When 12 new Bethesda townhouses, moderately priced by the Montgomery County Office of Housing, brought out 612 would-be purchasers last week, Housing Director Eugene Sieminski had all the proof he needed of the strong demand for lower-priced housing in Montgomery County.
The only problem, for which he also had ample evidence, is that no one is building enough houses to meet the demand.
Withintwo months, another eight townhouses will be available. A few months later there will be seven more. And, if certain zoning permits are granted, within 18 months there maybe be another 45. Altogether, 60 houses will be available in the next two years.
Yet that number is only a fraction of the total number of people - 612 - who queued up outside the Montgomery County Council hearing room last week to sign up for a lottery in which they might win a chance for an interview with the builder. The interview would determine if they qualified for mortgage financing.
Including those who participated in last week's lottery, Sieminski estimates that the mailing list for the "Affordable Homes program," as it is called, now totals 2,500.
In addition, even more people than before are now keeping a vigil for the next batch of moderately priced houses. "A lady called me on Friday and said she had a grand time at the lottery," said Sieminski. "She wanted to know when the next lottery was."
Some of the applicants last week were residents who had watched new developments coming up and calculated that Bethesda Court would have to yield some moderate-cost homes. The homes in Bethesda Court were sold by the county in the lottery for no more than $35,490 - in a county where the average house costs more than $70,000. The adjacent townhouses in the development, with essentially the same floor plans, are selling for between $69,000 and $88,000.
Now Sieminski is receiving calls from people inquiring about the opening of Inverness Knolls in Potomac which could be a year and a half away.
Sieminski said the county has little control over the supply of moderately priced homes. A 1974 law requires builders of 50 or more units to set aside 15 percent of their units as moderately priced homes. So the county must wait for new housing developments, which have been hindered in the past few years by the sewer moratorium and by the recession.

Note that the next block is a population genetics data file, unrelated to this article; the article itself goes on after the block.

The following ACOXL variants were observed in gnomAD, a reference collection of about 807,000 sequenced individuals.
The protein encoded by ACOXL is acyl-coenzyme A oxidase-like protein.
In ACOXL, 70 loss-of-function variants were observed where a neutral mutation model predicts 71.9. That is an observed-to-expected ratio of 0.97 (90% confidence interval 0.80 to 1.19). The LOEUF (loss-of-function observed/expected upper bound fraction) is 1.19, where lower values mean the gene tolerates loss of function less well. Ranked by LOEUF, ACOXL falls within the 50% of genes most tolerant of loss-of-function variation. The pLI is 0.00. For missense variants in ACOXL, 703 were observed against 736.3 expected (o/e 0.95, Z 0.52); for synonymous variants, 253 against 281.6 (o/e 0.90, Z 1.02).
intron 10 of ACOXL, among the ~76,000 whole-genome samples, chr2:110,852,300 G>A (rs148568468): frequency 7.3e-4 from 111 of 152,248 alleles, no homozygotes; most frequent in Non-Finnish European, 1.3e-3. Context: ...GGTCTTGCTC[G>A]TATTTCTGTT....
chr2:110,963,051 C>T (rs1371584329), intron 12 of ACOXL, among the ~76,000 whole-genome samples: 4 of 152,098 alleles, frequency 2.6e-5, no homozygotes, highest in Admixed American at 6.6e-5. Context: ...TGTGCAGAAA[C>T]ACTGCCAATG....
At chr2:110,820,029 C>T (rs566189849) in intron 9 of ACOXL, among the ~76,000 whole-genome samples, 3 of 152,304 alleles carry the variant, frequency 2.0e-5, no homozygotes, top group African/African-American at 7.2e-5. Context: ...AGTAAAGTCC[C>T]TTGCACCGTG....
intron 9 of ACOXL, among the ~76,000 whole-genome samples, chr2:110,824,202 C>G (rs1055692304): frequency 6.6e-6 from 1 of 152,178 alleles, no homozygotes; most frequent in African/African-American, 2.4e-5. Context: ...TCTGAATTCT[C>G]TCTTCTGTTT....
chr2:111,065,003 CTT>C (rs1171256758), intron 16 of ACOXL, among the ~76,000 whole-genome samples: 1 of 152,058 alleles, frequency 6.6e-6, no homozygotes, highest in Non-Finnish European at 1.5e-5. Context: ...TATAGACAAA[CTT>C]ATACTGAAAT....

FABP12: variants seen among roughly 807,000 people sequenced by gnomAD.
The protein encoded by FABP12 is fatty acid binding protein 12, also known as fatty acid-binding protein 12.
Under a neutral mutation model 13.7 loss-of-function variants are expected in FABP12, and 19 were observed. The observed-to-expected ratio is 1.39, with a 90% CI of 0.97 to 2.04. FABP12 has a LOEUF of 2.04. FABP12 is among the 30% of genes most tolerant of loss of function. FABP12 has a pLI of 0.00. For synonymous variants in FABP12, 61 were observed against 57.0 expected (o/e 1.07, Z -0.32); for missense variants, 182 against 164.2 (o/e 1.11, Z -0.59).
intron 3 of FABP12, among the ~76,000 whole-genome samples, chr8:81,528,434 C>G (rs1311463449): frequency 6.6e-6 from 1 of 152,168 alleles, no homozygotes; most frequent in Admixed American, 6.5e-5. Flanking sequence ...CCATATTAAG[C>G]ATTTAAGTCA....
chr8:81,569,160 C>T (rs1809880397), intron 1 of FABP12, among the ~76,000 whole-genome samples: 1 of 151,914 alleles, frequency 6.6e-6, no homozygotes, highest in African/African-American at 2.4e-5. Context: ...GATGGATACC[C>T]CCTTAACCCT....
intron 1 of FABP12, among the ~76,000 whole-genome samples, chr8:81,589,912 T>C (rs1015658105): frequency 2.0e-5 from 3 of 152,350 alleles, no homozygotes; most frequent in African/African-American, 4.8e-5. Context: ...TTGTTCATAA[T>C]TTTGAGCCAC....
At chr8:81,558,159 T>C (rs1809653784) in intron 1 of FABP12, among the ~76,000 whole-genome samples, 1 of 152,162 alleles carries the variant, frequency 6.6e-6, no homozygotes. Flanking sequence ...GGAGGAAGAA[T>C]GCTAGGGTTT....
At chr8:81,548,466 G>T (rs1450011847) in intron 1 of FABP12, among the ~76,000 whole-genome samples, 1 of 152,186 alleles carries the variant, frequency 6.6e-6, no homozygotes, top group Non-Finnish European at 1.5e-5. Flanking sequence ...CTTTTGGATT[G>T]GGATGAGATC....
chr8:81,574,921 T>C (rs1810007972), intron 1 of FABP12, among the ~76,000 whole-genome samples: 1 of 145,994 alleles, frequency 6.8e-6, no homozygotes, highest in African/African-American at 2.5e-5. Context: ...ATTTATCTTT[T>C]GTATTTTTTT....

"The purpose of (the 1974 law) was to have moderately priced housing without subsidy," said Peg McRory, housing consultant to the Montgomery County Council. "And no one has serious thoughts of increasing the required amount of moderately priced dwelling units to more than 15 percent. One of our purposes was to show that you could integrate moderately priced dwelling units into the community with regularly priced housing."
The county currently has 250 of the cheap houses in Gaithersburg, Rockville, Damascus, [WORD ILLEGIBLE] and, now Bethesda.
The next offering will be eight three-storey townhouses, each with four bedrooms, in the Watkins Mill development, west of Montgomery Village on Watkins Mill Road. Before any notice of their opening is sent out, Sieminski said, the county will review the program to make certain that it is reaching those for whom it is intended.
For starters, Sieminski thinks, the people whose incomes make them perfect candidates for the moderate houses are either not responding or not finding out about the homes. "We've got to find a way to alert people who can afford the houses about the new openings," he said. He added that most of the people who signed up for the lottery met the income requirements for the program, which are scaled according to household size. But they actually made several thousand dollars below what was necessary to finance the houses.
Sieminski said the county may revise its income requirements. "Do we want to limit the people who can apply for certain townhouses?" Sieminski asked. To curb demand, residents from the District and counties outside Montgomery may be barred from applying for housing, Sieminski said.
Also, the program may give some priority to people who sign up for the mailing list early. "We have to decide whether we will simply not accept people less than 30 days before the drawing," Sieminski said.
Those who did apply last week for Bethesda Court, either with or without sufficient incomes, young (in their 20s and 30s), with a median income of about $13,000. The majority were renters, according to Sieminski, and some were a new crop of househunters beginning to show up statiscally in housing profiles - female-headed households with children.
"Some were women in Bethesda getting divorced and deciding what to do," the housing director said.
One woman at the lottery, recently separated, said she had spotted acquaintances in similar situations at the lottery. "They seem like a good deal for people on a limited income," siad the 40-year-old Bethesda woman who has several children. "It's a way for people to stay in the community where they've lived and where their kids have gone to school. They are good houses for people whom the courts have not been too kind with, in terms of child support."